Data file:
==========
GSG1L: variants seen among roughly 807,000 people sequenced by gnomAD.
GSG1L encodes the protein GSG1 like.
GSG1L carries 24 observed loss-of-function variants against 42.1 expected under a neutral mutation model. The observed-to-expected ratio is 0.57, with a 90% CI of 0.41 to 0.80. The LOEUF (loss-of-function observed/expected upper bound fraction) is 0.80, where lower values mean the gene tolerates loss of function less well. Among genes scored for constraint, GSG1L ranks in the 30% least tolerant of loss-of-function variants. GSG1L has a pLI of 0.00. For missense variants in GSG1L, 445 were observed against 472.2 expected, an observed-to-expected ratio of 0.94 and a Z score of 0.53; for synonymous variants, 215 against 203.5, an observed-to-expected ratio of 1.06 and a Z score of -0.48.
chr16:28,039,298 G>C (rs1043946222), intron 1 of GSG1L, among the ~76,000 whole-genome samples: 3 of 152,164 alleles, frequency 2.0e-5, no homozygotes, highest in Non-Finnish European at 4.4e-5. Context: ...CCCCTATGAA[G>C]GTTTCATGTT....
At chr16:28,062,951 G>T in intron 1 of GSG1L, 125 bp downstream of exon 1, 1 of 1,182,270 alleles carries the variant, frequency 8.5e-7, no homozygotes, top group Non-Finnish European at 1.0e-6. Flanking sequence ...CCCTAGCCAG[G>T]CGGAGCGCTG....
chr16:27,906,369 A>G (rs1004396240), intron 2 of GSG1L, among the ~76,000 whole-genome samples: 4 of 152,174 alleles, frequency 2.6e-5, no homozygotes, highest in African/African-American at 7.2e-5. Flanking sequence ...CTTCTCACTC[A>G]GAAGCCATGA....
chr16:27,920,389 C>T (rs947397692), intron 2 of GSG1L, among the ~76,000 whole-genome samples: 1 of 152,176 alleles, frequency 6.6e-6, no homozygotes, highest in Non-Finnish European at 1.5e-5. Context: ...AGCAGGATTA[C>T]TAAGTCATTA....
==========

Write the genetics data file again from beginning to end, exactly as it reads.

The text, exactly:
GSG1L: variants seen among roughly 807,000 people sequenced by gnomAD.
GSG1L encodes the protein GSG1 like.
GSG1L carries 24 observed loss-of-function variants against 42.1 expected under a neutral mutation model. The observed-to-expected ratio is 0.57, with a 90% CI of 0.41 to 0.80. The LOEUF (loss-of-function observed/expected upper bound fraction) is 0.80, where lower values mean the gene tolerates loss of function less well. Among genes scored for constraint, GSG1L ranks in the 30% least tolerant of loss-of-function variants. GSG1L has a pLI of 0.00. For missense variants in GSG1L, 445 were observed against 472.2 expected, an observed-to-expected ratio of 0.94 and a Z score of 0.53; for synonymous variants, 215 against 203.5, an observed-to-expected ratio of 1.06 and a Z score of -0.48.
chr16:28,039,298 G>C (rs1043946222), intron 1 of GSG1L, among the ~76,000 whole-genome samples: 3 of 152,164 alleles, frequency 2.0e-5, no homozygotes, highest in Non-Finnish European at 4.4e-5. Context: ...CCCCTATGAA[G>C]GTTTCATGTT....
At chr16:28,062,951 G>T in intron 1 of GSG1L, 125 bp downstream of exon 1, 1 of 1,182,270 alleles carries the variant, frequency 8.5e-7, no homozygotes, top group Non-Finnish European at 1.0e-6. Flanking sequence ...CCCTAGCCAG[G>T]CGGAGCGCTG....
chr16:27,906,369 A>G (rs1004396240), intron 2 of GSG1L, among the ~76,000 whole-genome samples: 4 of 152,174 alleles, frequency 2.6e-5, no homozygotes, highest in African/African-American at 7.2e-5. Flanking sequence ...CTTCTCACTC[A>G]GAAGCCATGA....
chr16:27,920,389 C>T (rs947397692), intron 2 of GSG1L, among the ~76,000 whole-genome samples: 1 of 152,176 alleles, frequency 6.6e-6, no homozygotes, highest in Non-Finnish European at 1.5e-5. Context: ...AGCAGGATTA[C>T]TAAGTCATTA....